People often ask me how we change seasons.

"Is it because the earth is closer to the sun? Is that why we are hotter in the summer?"

That’s the typical thought by many. However, that’s not exactly what takes place. In fact, it’s not even close.

As we prepare for our days to either get longer or shorter and temperatures to either rise or fall, we often wonder how and why this happens.

The distance from the sun actually doesn’t have a large role in our season shift. The planet sits farther away from the sun during our North American summer. Our winter is the opposite, the earth is positioned closer to the sun.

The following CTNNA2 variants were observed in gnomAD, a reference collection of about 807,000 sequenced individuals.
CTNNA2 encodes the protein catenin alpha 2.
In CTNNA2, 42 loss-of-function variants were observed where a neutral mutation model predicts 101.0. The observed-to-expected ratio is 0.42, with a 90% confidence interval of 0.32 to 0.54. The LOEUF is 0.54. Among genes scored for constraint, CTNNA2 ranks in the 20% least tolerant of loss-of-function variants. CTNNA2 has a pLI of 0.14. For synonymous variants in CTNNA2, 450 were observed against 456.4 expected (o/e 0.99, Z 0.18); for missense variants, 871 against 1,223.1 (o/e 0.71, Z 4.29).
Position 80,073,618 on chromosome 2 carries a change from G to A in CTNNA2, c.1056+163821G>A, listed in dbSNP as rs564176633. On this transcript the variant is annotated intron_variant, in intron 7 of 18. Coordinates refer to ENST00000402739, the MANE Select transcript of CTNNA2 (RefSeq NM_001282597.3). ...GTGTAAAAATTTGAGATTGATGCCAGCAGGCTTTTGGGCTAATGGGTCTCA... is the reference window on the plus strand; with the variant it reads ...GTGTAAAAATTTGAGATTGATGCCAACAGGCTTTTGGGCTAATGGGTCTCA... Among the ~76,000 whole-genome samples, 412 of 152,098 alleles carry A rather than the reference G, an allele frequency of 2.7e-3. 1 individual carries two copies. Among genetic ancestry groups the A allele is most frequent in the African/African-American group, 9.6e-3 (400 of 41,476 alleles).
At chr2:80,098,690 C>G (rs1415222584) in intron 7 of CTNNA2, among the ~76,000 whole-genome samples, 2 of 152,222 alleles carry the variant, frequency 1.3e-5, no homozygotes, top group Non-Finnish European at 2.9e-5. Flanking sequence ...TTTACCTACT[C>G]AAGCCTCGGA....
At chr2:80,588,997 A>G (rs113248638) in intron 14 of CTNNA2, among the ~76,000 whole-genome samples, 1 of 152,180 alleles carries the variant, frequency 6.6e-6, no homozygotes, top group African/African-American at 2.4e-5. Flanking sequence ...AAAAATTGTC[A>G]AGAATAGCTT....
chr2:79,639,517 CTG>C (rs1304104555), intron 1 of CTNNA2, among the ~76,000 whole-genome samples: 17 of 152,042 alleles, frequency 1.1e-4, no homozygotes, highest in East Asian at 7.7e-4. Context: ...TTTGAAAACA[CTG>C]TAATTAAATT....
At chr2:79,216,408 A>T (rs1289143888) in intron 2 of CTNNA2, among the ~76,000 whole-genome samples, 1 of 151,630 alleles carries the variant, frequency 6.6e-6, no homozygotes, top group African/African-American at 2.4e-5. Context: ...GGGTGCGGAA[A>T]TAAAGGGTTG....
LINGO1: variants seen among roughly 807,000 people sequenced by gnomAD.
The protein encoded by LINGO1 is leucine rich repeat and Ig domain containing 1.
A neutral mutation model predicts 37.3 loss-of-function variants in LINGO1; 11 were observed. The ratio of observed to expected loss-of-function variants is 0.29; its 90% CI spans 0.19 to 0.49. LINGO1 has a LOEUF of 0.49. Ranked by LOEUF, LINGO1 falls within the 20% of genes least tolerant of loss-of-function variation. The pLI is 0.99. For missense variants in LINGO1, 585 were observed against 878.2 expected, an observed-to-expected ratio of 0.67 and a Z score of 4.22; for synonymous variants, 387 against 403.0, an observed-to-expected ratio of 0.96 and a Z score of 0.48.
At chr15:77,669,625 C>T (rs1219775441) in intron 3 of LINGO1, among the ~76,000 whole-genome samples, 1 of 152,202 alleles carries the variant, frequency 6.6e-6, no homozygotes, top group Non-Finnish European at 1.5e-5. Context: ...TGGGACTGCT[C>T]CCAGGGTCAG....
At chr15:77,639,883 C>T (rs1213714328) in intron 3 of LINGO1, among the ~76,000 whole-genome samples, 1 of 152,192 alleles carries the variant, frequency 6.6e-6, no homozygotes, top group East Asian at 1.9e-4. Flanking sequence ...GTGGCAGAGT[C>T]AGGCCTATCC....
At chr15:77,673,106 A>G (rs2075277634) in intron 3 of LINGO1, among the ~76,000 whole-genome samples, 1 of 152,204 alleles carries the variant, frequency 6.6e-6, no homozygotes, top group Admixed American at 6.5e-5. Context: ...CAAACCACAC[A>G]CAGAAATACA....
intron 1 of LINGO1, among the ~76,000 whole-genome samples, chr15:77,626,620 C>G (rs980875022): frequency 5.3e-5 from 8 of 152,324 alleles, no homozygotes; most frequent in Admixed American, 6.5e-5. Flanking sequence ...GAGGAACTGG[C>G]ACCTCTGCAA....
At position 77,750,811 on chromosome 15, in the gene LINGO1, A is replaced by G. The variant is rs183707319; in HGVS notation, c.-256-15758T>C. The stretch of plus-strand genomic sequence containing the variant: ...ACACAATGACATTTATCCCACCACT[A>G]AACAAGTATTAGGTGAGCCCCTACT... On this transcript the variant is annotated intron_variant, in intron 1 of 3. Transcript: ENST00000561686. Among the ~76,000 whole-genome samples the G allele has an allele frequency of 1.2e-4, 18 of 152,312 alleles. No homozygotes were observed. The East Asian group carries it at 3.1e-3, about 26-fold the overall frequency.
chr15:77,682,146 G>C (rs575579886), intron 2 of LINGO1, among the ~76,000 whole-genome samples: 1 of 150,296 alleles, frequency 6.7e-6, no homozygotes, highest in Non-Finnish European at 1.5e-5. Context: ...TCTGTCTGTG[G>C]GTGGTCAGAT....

So, why do we have seasons?

The answer has to do with our polar tilt.

Our earth sits on an axis of 23.5 degrees. This is what gives us summer, fall, winter and spring. As the earth rotates around the sun, the position of our hemisphere changes, which delivers different amounts of heat and light to our region. This ultimately changes our day length and our temperature trends. Bottom line, it changes our seasons.